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Re: Diplodocus: Return to the Swamps????

All the large sauropods would have done great in swamps -- good temp control, 
*safety from giant theropods*, all-in-all a real R&R zone for the big ones. 
Probably good forage too, especially around the edges. Note that I mean the 
sauropod is _in_ the swamp, reaching OUT and nibbling around the edges, NOT 
standing on the edge, reaching into the swamp. Maintaining terrestrial 
competence was necessary for reproduction, overland journeys, and (perhaps 
seasonal?) opportunistic foraging.

A lot of people who have no experience w/ large animals or swamps, and _haven't 
thought the physics through carefully_ have the purely intuitive notion that 
large size makes soft ground the equivalent of certain death. "Gosh, they so 
big, they would mire immediately" and "Wouldn't they have webbed feet?" seem to 
be popular and less than rigorous arguments. 

Going by previous discussions, I don't really expect anyone posting onlist on 
this subject to think/discuss critically and objectively the implications of 
long legs, low surface to volume ratios, high buoyancy and massive amounts of 
raw power; or to research what is known about the relative 'mire-ability' of 
extant biota for that matter. That said, I certainly won't be surprised to see 
a paper in the next year or so by someone who has realized that being big is 
usually _good_ in a swamp, and being huge is even better. Especially a really 
large coastal swamp...

Parties interested in improving our knowledge of sauropod ecology might 
consider this before committing to the 'new old-school' consensus that David M.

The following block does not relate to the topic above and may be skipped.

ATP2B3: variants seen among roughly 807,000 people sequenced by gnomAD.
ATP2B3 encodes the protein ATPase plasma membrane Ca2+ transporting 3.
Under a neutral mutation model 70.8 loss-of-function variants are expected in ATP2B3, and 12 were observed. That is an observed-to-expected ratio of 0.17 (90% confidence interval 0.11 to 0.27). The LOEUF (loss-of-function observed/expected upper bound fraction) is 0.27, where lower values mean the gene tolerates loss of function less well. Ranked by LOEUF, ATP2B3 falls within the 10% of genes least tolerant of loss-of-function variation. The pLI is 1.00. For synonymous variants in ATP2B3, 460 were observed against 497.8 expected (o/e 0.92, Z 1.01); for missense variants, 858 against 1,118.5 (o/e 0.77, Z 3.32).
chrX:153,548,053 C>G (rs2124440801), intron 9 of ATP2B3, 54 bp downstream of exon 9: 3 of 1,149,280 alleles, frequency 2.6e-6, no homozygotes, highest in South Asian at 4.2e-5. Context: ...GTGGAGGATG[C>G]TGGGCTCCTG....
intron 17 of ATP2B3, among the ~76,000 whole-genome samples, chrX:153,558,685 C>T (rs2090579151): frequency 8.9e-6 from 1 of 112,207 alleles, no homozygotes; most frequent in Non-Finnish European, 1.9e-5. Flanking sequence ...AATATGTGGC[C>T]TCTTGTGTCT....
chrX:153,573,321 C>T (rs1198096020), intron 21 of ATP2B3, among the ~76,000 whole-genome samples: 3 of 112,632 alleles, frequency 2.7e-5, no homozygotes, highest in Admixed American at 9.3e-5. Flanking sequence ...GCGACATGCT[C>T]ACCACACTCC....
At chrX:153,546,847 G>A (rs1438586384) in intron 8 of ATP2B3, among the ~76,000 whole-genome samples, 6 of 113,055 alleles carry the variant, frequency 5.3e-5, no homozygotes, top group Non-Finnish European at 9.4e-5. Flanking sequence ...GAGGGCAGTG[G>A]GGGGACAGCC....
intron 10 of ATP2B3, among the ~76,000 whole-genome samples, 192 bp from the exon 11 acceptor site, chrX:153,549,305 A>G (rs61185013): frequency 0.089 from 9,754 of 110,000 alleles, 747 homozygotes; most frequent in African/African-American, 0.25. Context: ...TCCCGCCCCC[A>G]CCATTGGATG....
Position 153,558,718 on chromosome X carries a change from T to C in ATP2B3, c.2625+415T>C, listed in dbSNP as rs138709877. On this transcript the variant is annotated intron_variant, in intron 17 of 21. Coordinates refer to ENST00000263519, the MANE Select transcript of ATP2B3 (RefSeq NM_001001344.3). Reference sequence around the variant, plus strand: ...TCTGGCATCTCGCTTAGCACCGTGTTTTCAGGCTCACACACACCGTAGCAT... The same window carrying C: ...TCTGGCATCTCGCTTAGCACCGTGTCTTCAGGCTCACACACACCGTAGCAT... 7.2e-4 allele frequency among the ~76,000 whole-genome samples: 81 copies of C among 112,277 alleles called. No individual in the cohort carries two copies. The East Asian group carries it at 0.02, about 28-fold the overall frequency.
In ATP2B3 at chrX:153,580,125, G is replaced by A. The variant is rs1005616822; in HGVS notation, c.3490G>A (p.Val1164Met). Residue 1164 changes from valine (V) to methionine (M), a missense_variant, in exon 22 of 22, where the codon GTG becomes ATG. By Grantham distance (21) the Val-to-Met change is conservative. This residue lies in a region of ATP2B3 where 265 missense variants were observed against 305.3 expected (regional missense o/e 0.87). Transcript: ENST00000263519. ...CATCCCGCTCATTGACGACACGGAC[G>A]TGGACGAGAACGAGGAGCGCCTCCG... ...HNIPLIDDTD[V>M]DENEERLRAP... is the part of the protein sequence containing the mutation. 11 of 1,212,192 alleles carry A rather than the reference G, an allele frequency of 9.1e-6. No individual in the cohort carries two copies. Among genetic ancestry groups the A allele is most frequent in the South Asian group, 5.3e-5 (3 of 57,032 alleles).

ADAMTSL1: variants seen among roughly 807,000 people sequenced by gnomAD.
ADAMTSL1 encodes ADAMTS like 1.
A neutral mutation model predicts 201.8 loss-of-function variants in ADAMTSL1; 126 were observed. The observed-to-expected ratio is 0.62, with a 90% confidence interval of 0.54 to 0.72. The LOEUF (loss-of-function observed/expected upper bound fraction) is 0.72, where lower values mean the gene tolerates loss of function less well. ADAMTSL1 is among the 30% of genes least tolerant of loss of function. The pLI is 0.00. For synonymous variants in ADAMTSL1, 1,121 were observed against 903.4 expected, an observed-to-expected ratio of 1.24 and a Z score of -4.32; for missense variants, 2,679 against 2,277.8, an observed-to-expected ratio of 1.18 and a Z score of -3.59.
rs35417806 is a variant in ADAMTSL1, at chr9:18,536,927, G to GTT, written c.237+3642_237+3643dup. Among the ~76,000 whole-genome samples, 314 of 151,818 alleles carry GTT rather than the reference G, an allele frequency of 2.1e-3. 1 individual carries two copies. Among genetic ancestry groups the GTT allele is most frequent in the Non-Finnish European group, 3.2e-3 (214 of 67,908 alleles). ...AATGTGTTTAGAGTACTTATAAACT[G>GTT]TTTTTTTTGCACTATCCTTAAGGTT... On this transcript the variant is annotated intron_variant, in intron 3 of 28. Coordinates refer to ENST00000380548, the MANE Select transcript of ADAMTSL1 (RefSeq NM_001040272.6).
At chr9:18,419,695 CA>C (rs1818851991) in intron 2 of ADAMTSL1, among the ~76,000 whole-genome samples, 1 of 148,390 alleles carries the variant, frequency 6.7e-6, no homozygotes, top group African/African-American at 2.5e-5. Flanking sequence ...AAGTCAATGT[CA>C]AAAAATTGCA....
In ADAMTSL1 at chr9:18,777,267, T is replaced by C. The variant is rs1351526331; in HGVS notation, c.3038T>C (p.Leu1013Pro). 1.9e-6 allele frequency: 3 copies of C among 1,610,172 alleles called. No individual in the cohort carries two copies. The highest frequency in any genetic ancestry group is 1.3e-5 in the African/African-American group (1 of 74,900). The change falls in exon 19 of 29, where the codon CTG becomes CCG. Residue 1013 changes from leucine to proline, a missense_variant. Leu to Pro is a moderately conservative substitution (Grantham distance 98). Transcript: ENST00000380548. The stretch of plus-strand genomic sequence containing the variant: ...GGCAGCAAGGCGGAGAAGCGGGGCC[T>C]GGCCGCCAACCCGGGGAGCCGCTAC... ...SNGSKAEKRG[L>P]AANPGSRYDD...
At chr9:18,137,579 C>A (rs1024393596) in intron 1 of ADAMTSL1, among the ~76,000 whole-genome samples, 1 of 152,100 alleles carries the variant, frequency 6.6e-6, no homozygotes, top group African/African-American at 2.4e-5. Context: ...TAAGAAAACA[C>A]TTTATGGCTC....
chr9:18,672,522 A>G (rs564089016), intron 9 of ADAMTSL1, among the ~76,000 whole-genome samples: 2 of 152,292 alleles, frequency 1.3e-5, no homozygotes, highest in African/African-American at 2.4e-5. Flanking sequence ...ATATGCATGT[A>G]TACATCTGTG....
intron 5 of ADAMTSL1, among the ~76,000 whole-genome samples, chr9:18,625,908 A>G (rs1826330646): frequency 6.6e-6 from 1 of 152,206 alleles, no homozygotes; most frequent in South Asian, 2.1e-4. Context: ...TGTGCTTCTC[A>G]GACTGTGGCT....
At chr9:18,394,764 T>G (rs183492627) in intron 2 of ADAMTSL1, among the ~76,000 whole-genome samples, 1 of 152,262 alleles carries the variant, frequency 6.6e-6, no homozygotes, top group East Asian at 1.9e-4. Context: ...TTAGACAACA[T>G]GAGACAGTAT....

mentions: apparently all the old-timer scientists who worked _prior_ to the 
shift to the internal combustion engine ASSUMED that sauropods would do well in 
swamps. These were very bright people who worked w/ animals _in the field_ all 
their lives. It was only after a new generation w/ absolutely _no_ working 
experience beyond automobiles and trucks came along that everyone suddenly 
"knew" sauropods were "too big and heavy" to "go near a swamp".

Uh, wheels are not legs, folk
ective mechanics are very different when traversing variable soil/water 

Sauropods may or may not have spent large amounts of time in swamps, and that 
concept may (or may not) be testable, but no large terrestrially competent 
herbivore has ever been better suited _physically_ for doing so. Although 
elephants seem to do very well currently. Their feet are very well-adapted to 
soft ground.

That said, I have made no entry in Wikipedia, nor do I intend to. In my 
opinion, the foregoing ideas don't belong there. Yet.

This is a long post, and I expect text to be chopped. I will repair 
accordingly. Apologies in advance if double posting is necessary. Also, I may 
not have time to rebut prior to the weekend.

Happy Holidays.

--- On Sun, 12/13/09, David Marjanovic <david.marjanovic@gmx.at> wrote:

> From: David Marjanovic <david.marjanovic@gmx.at>
> Subject: Re: Diplodocus: Return to the Swamps????
> To: "DML" <dinosaur@usc.edu>
> Date: Sunday, December 13, 2009, 5:35 PM
> >  Is there really anybody
> suggesting that we put _Diplodocus_ back into
> >  the swamps, or has somebody who's got no clue
> what they are talking
> >  about edited this bit into Wiki?
> Neither nor. The idea that some sauropods were sort of
> semiaquatic or at least stood on river banks and ate water
> plants cropped up occasionally in the early 1990s or so.
> It's dead, however, and I'll erase it from Wikipedia if you
> don't beat me to it.
> Also, everyone, please stop calling Wikipedia "Wiki".
> Wikipedia is one wiki out of thousands. :-)